Prison choir to launch CD of Pacific Island hymns and songs
28 May 2013
The harmonies of more than 40 men singing traditional Pacific Island hymns and songs in Vaka Fa’aola (the Pacific Focus Unit) at Spring Hill Corrections Facility in Te Kauwhata have been recorded, with a CD to be released on Friday 31 May.
The choir was set up in 2010 by Talaoali’i Junior Ahyu, Residential Manager, Spring Hill Corrections Facility and Asenati Lole-Taylor, former Regional Advisor Pacific, Northern Region, Department of Corrections.
Today, the choir has 44 men from five Pacific Island cultures: Samoan, Tongan, Fijian, Cook Islands and Niuean.
It’s the first time the choir has produced a CD. Called Va'a Fa'aola, the CD consists of ten hymns and traditional songs. Its cover, disc label, sleeve notes and layout were created by the choir members. Sales from the proceeds will be donated to the New Zealand Cancer Society.
“The men are excited about the CD and the launch,” Junior says. “It’s a chance for them to show off their skills to their families and the community. There are some very talented singers in the choir and by producing the CD, they can see what’s possible if you have the drive, skills and support.”
The men rehearse several times a week under the guidance of choirmaster Tagaloa Peter Su’a. They are also encouraged to take the initiative and organise their own practices in the evenings, Junior says.
A natural progression
The idea for the choir grew from the men singing every week at the Pacific Focus Unit’s church service. “Music is an integral part of Pacific Island cultures and so it was a natural progression from the church service to form a choir.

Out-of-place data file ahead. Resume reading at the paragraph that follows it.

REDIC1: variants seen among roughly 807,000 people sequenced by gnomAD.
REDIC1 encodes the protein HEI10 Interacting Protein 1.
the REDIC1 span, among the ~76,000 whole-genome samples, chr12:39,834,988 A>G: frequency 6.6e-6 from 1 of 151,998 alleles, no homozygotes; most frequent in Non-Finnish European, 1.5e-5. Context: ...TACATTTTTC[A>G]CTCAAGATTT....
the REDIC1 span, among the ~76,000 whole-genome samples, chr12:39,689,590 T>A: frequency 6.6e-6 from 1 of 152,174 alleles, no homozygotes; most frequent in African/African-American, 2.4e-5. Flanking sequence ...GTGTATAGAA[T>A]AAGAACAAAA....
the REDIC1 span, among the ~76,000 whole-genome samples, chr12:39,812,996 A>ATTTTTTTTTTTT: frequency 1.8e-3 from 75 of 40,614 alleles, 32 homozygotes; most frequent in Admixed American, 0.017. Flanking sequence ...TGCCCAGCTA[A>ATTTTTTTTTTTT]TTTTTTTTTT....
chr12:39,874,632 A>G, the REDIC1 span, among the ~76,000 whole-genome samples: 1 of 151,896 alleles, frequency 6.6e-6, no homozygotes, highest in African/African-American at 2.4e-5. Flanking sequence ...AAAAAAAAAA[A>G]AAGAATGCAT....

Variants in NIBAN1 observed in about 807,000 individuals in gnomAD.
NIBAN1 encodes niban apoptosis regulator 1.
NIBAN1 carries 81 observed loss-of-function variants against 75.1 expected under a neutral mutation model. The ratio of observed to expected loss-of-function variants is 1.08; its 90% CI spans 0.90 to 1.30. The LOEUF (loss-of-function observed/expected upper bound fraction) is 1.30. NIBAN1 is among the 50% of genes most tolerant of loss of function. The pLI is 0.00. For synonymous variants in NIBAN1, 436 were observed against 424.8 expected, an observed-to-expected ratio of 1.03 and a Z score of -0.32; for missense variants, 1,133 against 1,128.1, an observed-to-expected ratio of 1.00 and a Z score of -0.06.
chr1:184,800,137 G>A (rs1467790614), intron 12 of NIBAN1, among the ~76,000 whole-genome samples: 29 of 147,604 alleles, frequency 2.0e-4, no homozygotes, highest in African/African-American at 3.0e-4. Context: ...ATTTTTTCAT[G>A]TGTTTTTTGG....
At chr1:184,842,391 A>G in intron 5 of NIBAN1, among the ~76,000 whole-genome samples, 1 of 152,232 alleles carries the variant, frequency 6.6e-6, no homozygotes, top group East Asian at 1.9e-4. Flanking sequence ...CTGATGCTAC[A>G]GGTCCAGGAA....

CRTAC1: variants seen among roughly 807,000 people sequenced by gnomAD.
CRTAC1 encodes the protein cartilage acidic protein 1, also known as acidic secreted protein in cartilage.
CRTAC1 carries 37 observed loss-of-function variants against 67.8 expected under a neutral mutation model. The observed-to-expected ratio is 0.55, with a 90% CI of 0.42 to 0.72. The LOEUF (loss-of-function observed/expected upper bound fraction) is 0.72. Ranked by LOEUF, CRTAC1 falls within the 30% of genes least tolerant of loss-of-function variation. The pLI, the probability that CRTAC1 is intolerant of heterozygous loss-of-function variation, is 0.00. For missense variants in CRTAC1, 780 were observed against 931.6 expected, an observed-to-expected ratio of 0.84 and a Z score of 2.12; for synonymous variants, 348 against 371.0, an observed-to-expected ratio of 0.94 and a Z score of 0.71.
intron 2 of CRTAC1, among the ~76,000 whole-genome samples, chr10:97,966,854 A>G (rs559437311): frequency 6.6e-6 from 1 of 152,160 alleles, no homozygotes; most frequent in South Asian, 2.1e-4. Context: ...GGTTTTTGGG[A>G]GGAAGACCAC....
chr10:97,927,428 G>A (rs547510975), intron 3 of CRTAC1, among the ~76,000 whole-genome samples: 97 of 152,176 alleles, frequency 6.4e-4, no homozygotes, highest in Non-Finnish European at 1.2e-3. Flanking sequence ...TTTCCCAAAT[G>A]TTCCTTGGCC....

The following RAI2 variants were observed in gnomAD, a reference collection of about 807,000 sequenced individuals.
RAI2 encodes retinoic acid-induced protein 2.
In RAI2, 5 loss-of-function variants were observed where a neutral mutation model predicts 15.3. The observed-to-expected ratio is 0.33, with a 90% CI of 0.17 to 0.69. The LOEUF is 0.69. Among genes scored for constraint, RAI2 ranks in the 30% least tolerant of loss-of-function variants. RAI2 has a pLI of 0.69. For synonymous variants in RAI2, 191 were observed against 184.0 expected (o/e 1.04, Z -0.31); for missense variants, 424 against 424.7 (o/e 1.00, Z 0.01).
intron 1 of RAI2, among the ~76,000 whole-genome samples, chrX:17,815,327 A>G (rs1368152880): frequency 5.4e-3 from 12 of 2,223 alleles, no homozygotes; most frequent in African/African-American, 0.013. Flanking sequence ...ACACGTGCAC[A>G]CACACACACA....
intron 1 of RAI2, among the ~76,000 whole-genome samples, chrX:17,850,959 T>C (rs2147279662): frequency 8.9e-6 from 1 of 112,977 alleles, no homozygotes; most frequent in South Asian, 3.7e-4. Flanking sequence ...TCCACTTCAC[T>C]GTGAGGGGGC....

“The choir sings at the church service every Sunday. It gives them an audience and also an opportunity to fine-tune what they they’ve been learning during the week with the choir master.”
The choir is one of many cultural and creative activities happening at the Vaka Fa’aola, based around cultural awareness and identity. For example, there are courses teaching language, customs, and myths and legends. The men can also learn weaving, screen printing and Pacific dance.
Traditional hymns and songs
At first, the choir sang only hymns but its repertoire has expanded to include other traditional Pacific Island songs.
“When the men sing, they’re happy and when they’re happy they’re positive,” Junior says. “Their interactions are more positive, and they’re more compliant with rules and regulations.
“They also feel a great sense of pride and achievement in belonging to the choir and recording the CD. And they’re not afraid to sing wherever they might be.”
Junior says that setting up a choir is relatively straightforward once you have an interested group of prisoners. The only materials and tools required are the men’s voices and a choirmaster to teach the singers.
Mana of choirmaster
The current choirmaster, Tagaloa Peter Su'a, is highly qualified and a Samoan chief. “He has mana and is able to build positive relationship with the men. He’s taught them so much about breathing techniques and getting the best out of their voices.”
Asked what skills the men learn that support their rehabilitation, Junior provides the following list:
• respect for other cultures
• how to work together to achieve a common goal
• resolution conflict when the dynamic doesn't work
• commitment to a team and regular practice
• how to complete a project.
“The men learn that music is an integral part of their culture and a viable career path for some if they wish to pursue it,” Junior says. “They also learn to step outside their comfort zones by using their musical skills for the benefit of others.”